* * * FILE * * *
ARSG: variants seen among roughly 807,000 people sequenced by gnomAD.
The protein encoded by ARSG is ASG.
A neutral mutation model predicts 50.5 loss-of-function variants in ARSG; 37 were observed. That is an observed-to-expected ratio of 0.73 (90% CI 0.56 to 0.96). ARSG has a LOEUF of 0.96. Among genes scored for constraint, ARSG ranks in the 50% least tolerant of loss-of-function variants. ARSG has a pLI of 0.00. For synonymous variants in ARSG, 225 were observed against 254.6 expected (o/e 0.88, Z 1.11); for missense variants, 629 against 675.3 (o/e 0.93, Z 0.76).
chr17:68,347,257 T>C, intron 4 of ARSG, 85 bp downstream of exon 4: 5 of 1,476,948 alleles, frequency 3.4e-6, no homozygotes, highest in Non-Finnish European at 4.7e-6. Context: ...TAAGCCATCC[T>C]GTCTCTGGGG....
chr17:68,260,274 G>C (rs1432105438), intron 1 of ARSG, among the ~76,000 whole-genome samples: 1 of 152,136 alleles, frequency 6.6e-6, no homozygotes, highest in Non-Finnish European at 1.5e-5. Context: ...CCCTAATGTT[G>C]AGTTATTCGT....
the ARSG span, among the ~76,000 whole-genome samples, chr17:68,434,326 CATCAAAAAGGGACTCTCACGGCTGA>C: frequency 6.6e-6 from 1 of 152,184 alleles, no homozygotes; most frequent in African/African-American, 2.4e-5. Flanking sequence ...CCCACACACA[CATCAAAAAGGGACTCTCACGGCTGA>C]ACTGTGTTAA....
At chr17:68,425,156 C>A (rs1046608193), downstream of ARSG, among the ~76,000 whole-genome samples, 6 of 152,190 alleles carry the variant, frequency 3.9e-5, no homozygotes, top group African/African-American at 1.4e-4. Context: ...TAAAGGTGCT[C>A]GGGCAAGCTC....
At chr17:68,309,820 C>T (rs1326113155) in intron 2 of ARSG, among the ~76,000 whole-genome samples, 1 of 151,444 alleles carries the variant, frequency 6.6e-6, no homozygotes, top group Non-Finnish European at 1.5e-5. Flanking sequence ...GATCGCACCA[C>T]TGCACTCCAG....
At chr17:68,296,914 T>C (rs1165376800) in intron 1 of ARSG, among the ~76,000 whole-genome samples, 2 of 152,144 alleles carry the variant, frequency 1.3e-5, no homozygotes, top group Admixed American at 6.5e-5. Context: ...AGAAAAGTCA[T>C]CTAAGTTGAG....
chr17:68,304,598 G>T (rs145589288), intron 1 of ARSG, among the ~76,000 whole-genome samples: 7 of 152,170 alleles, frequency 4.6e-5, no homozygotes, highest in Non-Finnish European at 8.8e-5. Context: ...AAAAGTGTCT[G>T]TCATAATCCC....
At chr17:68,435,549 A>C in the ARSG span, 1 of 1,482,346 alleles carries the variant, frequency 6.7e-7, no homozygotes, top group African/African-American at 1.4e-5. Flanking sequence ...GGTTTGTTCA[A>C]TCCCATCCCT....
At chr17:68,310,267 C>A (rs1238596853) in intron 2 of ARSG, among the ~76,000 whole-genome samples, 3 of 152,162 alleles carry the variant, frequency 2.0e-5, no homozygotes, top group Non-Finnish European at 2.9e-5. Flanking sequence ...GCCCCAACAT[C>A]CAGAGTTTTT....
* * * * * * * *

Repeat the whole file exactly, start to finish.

ARSG: variants seen among roughly 807,000 people sequenced by gnomAD.
The protein encoded by ARSG is ASG.
A neutral mutation model predicts 50.5 loss-of-function variants in ARSG; 37 were observed. That is an observed-to-expected ratio of 0.73 (90% CI 0.56 to 0.96). ARSG has a LOEUF of 0.96. Among genes scored for constraint, ARSG ranks in the 50% least tolerant of loss-of-function variants. ARSG has a pLI of 0.00. For synonymous variants in ARSG, 225 were observed against 254.6 expected (o/e 0.88, Z 1.11); for missense variants, 629 against 675.3 (o/e 0.93, Z 0.76).
chr17:68,347,257 T>C, intron 4 of ARSG, 85 bp downstream of exon 4: 5 of 1,476,948 alleles, frequency 3.4e-6, no homozygotes, highest in Non-Finnish European at 4.7e-6. Context: ...TAAGCCATCC[T>C]GTCTCTGGGG....
chr17:68,260,274 G>C (rs1432105438), intron 1 of ARSG, among the ~76,000 whole-genome samples: 1 of 152,136 alleles, frequency 6.6e-6, no homozygotes, highest in Non-Finnish European at 1.5e-5. Context: ...CCCTAATGTT[G>C]AGTTATTCGT....
the ARSG span, among the ~76,000 whole-genome samples, chr17:68,434,326 CATCAAAAAGGGACTCTCACGGCTGA>C: frequency 6.6e-6 from 1 of 152,184 alleles, no homozygotes; most frequent in African/African-American, 2.4e-5. Flanking sequence ...CCCACACACA[CATCAAAAAGGGACTCTCACGGCTGA>C]ACTGTGTTAA....
At chr17:68,425,156 C>A (rs1046608193), downstream of ARSG, among the ~76,000 whole-genome samples, 6 of 152,190 alleles carry the variant, frequency 3.9e-5, no homozygotes, top group African/African-American at 1.4e-4. Context: ...TAAAGGTGCT[C>A]GGGCAAGCTC....
At chr17:68,309,820 C>T (rs1326113155) in intron 2 of ARSG, among the ~76,000 whole-genome samples, 1 of 151,444 alleles carries the variant, frequency 6.6e-6, no homozygotes, top group Non-Finnish European at 1.5e-5. Flanking sequence ...GATCGCACCA[C>T]TGCACTCCAG....
At chr17:68,296,914 T>C (rs1165376800) in intron 1 of ARSG, among the ~76,000 whole-genome samples, 2 of 152,144 alleles carry the variant, frequency 1.3e-5, no homozygotes, top group Admixed American at 6.5e-5. Context: ...AGAAAAGTCA[T>C]CTAAGTTGAG....
chr17:68,304,598 G>T (rs145589288), intron 1 of ARSG, among the ~76,000 whole-genome samples: 7 of 152,170 alleles, frequency 4.6e-5, no homozygotes, highest in Non-Finnish European at 8.8e-5. Context: ...AAAAGTGTCT[G>T]TCATAATCCC....
At chr17:68,435,549 A>C in the ARSG span, 1 of 1,482,346 alleles carries the variant, frequency 6.7e-7, no homozygotes, top group African/African-American at 1.4e-5. Flanking sequence ...GGTTTGTTCA[A>C]TCCCATCCCT....
At chr17:68,310,267 C>A (rs1238596853) in intron 2 of ARSG, among the ~76,000 whole-genome samples, 3 of 152,162 alleles carry the variant, frequency 2.0e-5, no homozygotes, top group Non-Finnish European at 2.9e-5. Flanking sequence ...GCCCCAACAT[C>A]CAGAGTTTTT....